[lit-ideas] On surviving plagues and travelling to Yucatan

  • From: "Lawrence Helm" <lawrencehelm@xxxxxxxxxxxxxx>
  • To: "Lit-Ideas " <Lit-Ideas@xxxxxxxxxxxxx>
  • Date: Sun, 11 May 2014 16:03:39 -0700

Cochran and Harpending write on page 162, “In Mexico, where Hernán Cortés
and his troops had made the Aztec emperor their puppet, the Aztecs rose
against them, killing Moctezuma II and two-thirds of the Spanish force in
the famous “Noche Triste.” The Aztecs probably would have utterly destroyed
the invaders, were it not for the smallpox epidemic under way at the same
time. The leader of the Aztec defense died in the epidemic, and Cortés and
his men conquered the Aztec Empire.  The 10,000 Year Explosion: How
Civilization Accelerated Human Evolution. Basic Books. Kindle Edition.

How were these Aztecs contaminated?  Bernal Diaz Del Castillo in his The
Conquest of New Spain wrote of how 110 of them (Cortez wasn’t with them at
this point) sailed away from Cuba in 1517 and up the coast of the mainland,
discovering Yucatan.  They needed to go ashore for water from time to time,
and those activities did not always go well.  Here is the first foray to get

As these Indians approached us in their canoes, we made signs of peace and
friendship, beckoning at the same time to them with our hands and cloaks to
come up to us that we might speak with them; for at that time there was
nobody amongst us who understood the language of Yucatan or Mexico. They now
came along side of us without evincing the least fear, and more than thirty
of them climbed on board of our principal ship. We gave them bacon and
cassave bread to eat, and presented each with a necklace of green glass
beads. After they had for some time minutely examined the ship, the chief,
who was a cazique, gave us to understand, by signs, that he wished to get
down again into his canoe and return home, but that he would come the next
day with many more canoes in order to take us on shore.  Del Castillo,
Bernal Diaz (2013-11-03). The Conquest of New Spain (Kindle Locations
400-405). Bybliotech. Kindle Edition.

The Indians ask where they came from and when they admit to coming from
where the sun rises the Indians decided to kill them.  “The cazique had no
sooner given the signal, than out rushed with terrible fury great numbers of
armed warriors, greeting us with such a shower of arrows, that fifteen of
our men were immediately wounded. These Indians were clad in a kind of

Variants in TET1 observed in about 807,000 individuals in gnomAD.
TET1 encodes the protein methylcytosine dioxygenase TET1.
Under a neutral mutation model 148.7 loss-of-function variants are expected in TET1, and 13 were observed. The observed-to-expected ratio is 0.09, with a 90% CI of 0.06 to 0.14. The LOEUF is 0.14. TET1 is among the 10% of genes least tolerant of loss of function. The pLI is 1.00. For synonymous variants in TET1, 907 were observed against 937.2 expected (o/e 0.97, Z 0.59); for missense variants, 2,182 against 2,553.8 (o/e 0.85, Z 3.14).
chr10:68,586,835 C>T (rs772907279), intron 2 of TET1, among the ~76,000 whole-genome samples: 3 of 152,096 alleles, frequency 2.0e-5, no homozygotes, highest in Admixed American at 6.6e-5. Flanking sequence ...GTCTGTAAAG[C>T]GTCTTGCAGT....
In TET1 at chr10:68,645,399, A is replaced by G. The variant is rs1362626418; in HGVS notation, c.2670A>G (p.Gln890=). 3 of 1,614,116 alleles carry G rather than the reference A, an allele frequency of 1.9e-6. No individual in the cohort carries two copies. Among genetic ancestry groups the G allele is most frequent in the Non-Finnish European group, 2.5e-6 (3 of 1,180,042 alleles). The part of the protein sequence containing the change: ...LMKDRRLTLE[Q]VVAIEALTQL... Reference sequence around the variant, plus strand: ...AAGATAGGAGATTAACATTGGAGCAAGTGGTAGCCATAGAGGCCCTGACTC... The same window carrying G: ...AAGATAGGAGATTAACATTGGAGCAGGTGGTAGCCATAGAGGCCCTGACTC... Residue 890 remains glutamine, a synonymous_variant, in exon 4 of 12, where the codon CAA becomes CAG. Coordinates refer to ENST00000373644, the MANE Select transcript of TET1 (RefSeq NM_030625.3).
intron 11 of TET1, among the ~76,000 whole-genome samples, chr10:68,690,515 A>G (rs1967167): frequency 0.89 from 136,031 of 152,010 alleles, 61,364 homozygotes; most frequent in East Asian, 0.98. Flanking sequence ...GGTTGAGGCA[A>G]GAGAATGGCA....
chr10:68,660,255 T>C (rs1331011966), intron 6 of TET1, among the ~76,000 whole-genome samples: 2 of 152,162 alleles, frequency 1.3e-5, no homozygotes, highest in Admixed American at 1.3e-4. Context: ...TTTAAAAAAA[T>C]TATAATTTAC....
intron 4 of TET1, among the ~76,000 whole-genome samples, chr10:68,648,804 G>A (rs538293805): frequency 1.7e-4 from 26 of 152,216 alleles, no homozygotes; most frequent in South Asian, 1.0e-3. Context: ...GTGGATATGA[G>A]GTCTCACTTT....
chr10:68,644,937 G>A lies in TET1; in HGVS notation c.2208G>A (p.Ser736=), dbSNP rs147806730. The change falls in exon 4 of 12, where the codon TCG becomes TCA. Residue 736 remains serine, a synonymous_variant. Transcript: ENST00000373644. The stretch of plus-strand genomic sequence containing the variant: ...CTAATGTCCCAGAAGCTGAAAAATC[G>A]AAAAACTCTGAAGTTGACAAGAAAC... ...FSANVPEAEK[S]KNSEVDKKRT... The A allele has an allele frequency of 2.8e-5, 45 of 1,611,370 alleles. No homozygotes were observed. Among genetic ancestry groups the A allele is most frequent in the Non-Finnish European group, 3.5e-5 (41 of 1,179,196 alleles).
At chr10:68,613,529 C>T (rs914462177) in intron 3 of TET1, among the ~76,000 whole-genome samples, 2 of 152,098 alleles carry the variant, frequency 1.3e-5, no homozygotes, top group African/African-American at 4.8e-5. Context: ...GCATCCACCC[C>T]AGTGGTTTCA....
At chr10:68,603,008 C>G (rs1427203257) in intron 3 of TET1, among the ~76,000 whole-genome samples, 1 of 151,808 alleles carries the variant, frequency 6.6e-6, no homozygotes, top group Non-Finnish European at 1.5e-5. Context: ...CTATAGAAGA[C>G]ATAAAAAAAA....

cuirass made of cotton, and armed with lances, shields, bows, and slings;
with each a tuft of feathers stuck on his head. As soon as they had let fly
their arrows, they rushed forward and attacked us man to man, setting
furiously to with their lances, which they held in both hands. When,
however, they began to feel the sharp edge of our swords, and saw what
destruction our crossbows and matchlocks made among them, they speedily
began to give way. Fifteen of their number lay dead on the field.  [Del
Castillo, Bernal Diaz (2013-11-03). The Conquest of New Spain (Kindle
Locations 422-427). Bybliotech. Kindle Edition.]

Bernal Diaz and his fellows didn’t learn their lesson and later on needing
more water answered the same question in the same way, that they came from
the direction in which the sun rises, and met with the same result.
Eventually so many of them were injured that they couldn’t man all their
boats.  They burned one, and headed back toward Havanah, but they needed
water and no longer had enough sound men to fight off the Indians long
enough to get it.  But eventually most of them got back to Havana.

But I noticed an interesting anecdote way back at the beginning of Bernal
Diaz’s narrative:  “In the year 1514 I departed from Castile in the suite of
Pedro Arias de Avila, who had just then been appointed governor of Terra
Firma. At sea we had sometimes bad and sometimes good weather, until we
arrived at Nombre Dios, where the plague was raging: of this we lost many of
our men, and most of us got terrible sores on our legs, and were otherwise
ill.”  [Del Castillo, Bernal Diaz (2013-11-03). The Conquest of New Spain
(Kindle Locations 347-349). Bybliotech. Kindle Edition.]

What was this plague and what caused the sores that Bernal Diaz and most of
the others had on their legs?  He writes initially of 1514 and it wasn’t
until 1517 that they had several battles with the Amerindians on the coast
of Yucatan, but that Diaz and the others were carriers of more than one
disease doesn’t seem a stretch.  

Cochran and Harpending write, “The European advantage in disease resistance
was particularly important because those early attempts at conquest and
colonization were marginal. Shipping men and equipment across the Atlantic
Ocean presented huge logistical difficulties. European military expeditions
to the New World were tiny and poorly supplied. The successes of the
conquistadors are reminiscent of ridiculous action movies in which one man
defeats a small army—and that’s a lot harder to do with an arquebus than an
Uzi. Early colonization efforts often teetered on the edge of disaster, as
when half the Pilgrims died in their first winter, or when most of the
settlers in Jamestown starved to death in the winter of 1609. Epidemic
disease didn’t just grease the skids for the initial conquests: It reduced
Amerindian populations and made later revolts far weaker than they would
have been otherwise. If they had not died of disease, the Amerindians would
have had time to copy and use many European military innovations in the
second or third round of fighting.  [pp. 164-165. Basic Books. Kindle


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